Re: Speed Vs Stability
Define 'Core router' please?
For example Cisco ASR9000 is not a core router, by a (nautical) mile.
True core router doesn't need to know anything about a VRF. If it must absolutely positively speak BGP all it sees is another AF prefix in BGP, not in the forwarding table.
Speaking of code bloat - (again for example) ASR9000 can have selective packagages loaded, you can cook your own (smaller) installation from a large tarball. Also every flavour of line card out there needs to have the code to support it. Also imagine every MPLS flavour (there is more to life than VRF and EoMPLS), OTV, VXLAN, LISP, etc - that is all code which not every ISP might use, but someone out there uses. It adds.
Add the things like HQoS and the likes and see why the vendor might want to add those as different line cards (ServiceEdge vs Transport) and charge appropriately. The NP/NPU in a router line card can't simplly be replaced by a Xeon chip and hope it will do. Not likely.
Yes - agreed - the memory thing is shambles. Why do I need 8G RAM on ASR1000 in order for the RE to have only 3G allocated to the IOS-XE process is beyond me. (I know, it runs Linux underneath and that takes RAM, but still)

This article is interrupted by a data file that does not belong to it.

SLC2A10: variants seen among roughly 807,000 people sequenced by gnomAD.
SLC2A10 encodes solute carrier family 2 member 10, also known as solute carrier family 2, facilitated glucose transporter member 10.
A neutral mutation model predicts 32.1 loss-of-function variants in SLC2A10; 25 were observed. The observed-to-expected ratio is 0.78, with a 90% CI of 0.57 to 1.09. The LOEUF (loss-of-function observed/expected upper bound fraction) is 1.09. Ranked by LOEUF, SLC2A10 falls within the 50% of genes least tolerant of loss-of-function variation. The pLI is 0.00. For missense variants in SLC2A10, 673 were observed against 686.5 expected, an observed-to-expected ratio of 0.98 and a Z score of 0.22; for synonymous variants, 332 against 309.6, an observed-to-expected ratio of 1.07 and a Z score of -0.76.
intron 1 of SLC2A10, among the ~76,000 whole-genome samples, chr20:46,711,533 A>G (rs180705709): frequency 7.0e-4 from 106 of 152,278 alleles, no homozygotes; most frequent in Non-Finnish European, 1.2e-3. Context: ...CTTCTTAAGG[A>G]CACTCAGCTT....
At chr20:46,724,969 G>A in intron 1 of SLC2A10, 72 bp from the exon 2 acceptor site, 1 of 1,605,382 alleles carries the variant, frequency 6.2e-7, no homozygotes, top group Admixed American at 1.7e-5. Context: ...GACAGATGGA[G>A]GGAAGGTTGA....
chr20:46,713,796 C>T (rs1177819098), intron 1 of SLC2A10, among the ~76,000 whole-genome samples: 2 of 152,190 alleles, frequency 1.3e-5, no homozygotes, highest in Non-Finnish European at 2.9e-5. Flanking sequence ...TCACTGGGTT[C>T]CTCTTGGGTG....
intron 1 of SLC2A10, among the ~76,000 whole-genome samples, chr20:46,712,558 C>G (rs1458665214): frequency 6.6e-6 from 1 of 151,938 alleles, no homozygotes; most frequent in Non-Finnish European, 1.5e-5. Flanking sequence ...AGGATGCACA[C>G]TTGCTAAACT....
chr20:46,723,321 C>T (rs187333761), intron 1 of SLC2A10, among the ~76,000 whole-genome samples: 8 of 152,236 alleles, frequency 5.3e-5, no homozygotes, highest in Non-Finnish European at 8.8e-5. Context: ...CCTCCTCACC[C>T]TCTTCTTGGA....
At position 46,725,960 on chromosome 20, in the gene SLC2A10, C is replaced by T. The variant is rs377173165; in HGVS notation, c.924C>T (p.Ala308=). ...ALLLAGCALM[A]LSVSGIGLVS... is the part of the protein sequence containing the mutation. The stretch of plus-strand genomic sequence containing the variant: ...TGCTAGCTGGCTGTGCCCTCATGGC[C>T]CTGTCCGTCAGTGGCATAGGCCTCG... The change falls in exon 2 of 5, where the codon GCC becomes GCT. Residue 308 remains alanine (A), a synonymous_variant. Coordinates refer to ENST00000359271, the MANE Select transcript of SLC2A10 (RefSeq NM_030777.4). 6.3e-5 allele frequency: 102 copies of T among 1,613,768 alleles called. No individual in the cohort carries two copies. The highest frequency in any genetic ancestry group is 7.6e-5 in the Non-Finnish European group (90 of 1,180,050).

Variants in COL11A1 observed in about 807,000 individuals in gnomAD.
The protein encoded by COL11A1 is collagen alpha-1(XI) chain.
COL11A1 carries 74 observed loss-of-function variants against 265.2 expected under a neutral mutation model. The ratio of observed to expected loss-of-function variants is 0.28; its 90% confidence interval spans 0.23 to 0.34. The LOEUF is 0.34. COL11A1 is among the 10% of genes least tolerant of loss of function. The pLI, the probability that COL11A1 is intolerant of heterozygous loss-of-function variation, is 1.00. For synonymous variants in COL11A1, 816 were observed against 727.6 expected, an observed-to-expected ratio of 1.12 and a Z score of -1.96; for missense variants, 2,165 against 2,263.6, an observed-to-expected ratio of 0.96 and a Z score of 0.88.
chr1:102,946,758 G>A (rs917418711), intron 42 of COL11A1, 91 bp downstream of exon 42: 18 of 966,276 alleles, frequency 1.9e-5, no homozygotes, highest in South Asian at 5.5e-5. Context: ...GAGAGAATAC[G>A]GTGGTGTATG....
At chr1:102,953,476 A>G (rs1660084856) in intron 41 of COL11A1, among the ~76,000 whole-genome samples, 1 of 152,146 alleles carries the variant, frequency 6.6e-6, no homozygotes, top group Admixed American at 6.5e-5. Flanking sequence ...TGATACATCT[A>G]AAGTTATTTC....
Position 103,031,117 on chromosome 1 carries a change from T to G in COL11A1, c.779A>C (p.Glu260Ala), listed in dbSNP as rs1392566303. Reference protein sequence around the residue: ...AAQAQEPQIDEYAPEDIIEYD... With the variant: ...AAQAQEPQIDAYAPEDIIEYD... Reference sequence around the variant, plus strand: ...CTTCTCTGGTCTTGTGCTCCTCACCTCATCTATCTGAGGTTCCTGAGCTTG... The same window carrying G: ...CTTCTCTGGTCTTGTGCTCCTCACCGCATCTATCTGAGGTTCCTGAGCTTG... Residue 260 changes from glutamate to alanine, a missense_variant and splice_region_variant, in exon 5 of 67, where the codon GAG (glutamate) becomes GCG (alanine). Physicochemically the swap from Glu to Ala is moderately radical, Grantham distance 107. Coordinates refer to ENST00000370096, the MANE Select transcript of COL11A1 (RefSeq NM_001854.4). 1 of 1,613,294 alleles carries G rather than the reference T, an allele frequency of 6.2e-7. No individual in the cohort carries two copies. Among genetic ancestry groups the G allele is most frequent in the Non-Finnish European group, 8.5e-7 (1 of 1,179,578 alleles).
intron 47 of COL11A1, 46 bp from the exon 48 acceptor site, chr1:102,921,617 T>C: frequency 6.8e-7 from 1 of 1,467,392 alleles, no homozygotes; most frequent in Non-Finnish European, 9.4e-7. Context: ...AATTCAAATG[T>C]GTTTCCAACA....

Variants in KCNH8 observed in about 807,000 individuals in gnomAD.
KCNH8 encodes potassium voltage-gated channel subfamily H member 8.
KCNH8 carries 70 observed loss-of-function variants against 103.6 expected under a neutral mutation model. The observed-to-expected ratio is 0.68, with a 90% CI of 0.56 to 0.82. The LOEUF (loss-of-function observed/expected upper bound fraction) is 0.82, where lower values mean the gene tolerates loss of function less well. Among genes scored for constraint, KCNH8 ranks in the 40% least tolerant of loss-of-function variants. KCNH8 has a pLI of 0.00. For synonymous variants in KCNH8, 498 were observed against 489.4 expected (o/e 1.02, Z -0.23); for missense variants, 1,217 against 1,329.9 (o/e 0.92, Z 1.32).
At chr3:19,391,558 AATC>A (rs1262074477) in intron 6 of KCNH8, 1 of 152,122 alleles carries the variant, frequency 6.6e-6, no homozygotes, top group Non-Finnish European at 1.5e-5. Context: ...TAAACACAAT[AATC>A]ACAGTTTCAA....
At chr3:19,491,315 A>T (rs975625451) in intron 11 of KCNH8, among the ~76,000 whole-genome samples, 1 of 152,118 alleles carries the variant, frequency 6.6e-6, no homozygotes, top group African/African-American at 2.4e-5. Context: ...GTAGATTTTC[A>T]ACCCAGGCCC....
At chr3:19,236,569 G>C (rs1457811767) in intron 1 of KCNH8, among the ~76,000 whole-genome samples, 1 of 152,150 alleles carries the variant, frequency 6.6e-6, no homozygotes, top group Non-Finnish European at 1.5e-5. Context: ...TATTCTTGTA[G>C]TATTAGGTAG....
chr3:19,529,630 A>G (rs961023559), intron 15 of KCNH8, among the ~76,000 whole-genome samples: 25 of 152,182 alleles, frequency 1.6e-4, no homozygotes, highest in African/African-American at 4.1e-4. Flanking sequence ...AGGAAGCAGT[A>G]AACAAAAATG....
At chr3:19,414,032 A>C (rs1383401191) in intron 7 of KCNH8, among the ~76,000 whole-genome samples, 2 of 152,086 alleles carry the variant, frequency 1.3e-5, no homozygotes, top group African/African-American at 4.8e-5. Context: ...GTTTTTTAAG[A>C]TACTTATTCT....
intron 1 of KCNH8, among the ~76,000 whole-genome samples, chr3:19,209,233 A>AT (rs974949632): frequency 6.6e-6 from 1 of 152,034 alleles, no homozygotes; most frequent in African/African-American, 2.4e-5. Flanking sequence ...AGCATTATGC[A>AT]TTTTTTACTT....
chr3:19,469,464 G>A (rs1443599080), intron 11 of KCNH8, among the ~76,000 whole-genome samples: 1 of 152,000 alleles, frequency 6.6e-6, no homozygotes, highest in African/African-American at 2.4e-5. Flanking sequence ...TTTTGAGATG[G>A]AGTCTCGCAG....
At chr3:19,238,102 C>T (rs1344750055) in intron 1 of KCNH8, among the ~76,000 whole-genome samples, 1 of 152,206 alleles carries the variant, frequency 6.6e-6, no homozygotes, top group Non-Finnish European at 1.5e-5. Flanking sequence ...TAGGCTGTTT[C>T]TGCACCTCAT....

Cloud VM - good luck with getting the throughput of 120Gbps full duplex from a VM. There is a place for VM-based routers, but they can't replace things like Proprietary Silicon or Merchant Silicon when it comes to performance. Also Juniper vMX, Cisco XRv and Aristo vEOS are nothing new, Cisco CSR is quite a few years old.
Regards automation - Ansible, Netconf and Yang, Napalm, expect script over SSH if you are so desperate and if the kit is old, nothing new here. But that's the easy bit, the hard bit is the orchestration. And making network engineers think like DevOps (yuck, hate the word).
Disclaimer: I do not own shares in Network vendors, distributors, etc.